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Navigational Servitudes: Transmittal, Consolidation & Merger

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Chapter Summary

Common law's jurisdictional dependence on territory and its bumptious relationship with admiralty law's subject matter jurisdiction for instance, criminal and prize cases occurring on navigable waters outside that same territory, combined to reinforce the role of the Royal Prerogative for the protection and preservation of public navigation rights in public trust in England and North America. Colonial Settlement Charters for North America were issued in the 17th century under the Royal Prerogative, without any act of Parliament. That is important for the constitutional development of these colonies and their understanding of navigable waters jurisdiction after 1776. The American People succeeded to the Royal Prerogative jus publicum rights of Englishmen, the public rights of navigation and fishing, on July 4, 1776, and these continue today as the "navigation servitude". The 18th century saw the consolidation and merger of these governmental navigational servitudes with the navigation servitude for public fishing and navigation.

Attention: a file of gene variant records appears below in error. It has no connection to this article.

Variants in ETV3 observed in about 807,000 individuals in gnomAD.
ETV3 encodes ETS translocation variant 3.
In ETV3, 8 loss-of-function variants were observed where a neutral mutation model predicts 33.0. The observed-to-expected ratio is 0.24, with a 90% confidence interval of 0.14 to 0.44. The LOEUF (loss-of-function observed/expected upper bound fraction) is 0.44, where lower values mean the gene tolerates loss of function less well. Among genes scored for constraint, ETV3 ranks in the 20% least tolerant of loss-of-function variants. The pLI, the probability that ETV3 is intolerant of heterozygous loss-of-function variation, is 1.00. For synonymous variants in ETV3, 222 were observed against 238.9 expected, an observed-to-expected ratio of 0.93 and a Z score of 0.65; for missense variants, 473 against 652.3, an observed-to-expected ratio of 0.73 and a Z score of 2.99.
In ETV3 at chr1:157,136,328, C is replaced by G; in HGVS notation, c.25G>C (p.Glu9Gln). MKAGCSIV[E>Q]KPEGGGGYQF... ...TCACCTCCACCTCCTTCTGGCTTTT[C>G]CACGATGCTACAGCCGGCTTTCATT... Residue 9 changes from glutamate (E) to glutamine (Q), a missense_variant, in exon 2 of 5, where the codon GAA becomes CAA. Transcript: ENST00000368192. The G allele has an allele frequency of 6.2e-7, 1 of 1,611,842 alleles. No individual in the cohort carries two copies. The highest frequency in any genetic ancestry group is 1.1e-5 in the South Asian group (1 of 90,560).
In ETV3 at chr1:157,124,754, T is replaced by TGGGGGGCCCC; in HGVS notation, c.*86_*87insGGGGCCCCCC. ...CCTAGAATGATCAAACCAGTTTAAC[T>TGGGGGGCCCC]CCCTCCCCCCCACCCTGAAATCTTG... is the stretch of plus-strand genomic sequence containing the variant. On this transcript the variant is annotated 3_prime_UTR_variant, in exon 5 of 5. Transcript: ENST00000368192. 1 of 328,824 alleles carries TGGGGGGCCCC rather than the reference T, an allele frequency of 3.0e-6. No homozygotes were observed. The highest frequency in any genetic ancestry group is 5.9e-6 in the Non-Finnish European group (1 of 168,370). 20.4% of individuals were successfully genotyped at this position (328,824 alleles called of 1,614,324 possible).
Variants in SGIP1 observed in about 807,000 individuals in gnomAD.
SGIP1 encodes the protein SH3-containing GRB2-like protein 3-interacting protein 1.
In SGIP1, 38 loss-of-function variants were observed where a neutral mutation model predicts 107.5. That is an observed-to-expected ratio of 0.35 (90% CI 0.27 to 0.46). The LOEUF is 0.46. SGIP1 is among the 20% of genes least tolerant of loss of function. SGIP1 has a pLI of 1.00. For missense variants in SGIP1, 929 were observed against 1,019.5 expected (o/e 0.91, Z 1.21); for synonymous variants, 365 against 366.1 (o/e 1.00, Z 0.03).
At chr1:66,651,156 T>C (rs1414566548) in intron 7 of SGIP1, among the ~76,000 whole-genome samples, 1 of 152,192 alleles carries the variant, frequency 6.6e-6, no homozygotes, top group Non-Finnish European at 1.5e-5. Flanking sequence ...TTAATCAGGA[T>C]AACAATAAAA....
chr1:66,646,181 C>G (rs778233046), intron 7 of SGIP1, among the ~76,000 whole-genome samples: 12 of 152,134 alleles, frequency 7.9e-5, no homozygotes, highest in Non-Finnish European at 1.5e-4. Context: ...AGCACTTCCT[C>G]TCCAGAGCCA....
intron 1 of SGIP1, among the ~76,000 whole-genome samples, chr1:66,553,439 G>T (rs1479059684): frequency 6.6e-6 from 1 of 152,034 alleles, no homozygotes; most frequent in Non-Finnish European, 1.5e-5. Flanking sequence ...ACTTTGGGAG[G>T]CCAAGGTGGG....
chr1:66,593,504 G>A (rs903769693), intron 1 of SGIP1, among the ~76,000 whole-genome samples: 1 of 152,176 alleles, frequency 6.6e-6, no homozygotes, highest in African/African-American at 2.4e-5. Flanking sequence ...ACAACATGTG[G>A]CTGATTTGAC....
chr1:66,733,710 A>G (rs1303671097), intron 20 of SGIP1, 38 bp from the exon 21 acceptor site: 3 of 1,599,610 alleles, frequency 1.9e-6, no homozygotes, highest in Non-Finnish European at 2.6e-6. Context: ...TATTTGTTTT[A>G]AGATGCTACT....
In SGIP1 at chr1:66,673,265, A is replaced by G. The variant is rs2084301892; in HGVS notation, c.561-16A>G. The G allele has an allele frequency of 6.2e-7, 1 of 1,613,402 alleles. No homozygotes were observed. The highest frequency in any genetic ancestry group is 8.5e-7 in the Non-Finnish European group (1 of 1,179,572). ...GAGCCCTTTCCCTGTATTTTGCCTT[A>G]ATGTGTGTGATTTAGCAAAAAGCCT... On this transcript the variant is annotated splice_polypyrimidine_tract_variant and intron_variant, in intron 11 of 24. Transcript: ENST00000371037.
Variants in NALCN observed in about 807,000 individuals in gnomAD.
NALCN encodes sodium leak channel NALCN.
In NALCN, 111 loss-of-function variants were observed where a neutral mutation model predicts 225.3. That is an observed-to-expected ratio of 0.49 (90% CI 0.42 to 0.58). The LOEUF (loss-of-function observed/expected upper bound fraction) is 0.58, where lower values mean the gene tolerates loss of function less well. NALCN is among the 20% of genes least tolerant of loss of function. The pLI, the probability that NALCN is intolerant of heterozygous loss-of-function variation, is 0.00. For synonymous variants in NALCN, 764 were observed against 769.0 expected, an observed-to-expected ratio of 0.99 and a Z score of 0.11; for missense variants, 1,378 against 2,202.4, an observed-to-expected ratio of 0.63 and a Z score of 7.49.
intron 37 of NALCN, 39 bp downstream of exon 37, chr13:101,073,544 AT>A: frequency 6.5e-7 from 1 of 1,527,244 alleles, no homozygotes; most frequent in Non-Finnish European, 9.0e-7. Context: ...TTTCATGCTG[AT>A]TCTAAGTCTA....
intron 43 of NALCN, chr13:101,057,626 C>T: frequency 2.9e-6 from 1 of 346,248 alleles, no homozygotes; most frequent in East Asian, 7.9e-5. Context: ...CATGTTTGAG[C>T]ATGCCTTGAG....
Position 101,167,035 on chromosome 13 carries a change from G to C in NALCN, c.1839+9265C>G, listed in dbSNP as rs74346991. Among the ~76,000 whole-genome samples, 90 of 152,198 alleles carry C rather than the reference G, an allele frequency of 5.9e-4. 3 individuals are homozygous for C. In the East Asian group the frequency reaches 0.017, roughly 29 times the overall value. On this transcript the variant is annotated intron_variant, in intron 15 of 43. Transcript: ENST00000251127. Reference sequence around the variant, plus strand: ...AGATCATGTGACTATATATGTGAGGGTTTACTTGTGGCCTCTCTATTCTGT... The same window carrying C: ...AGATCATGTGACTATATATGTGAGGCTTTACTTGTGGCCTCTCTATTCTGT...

Keywords: Colonial Settlement Charters; England; governmental navigational servitudes; navigable waters jurisdiction; North America; public navigation rights; Royal Prerogative

10.1163/ej.9789004161559.i-412.12
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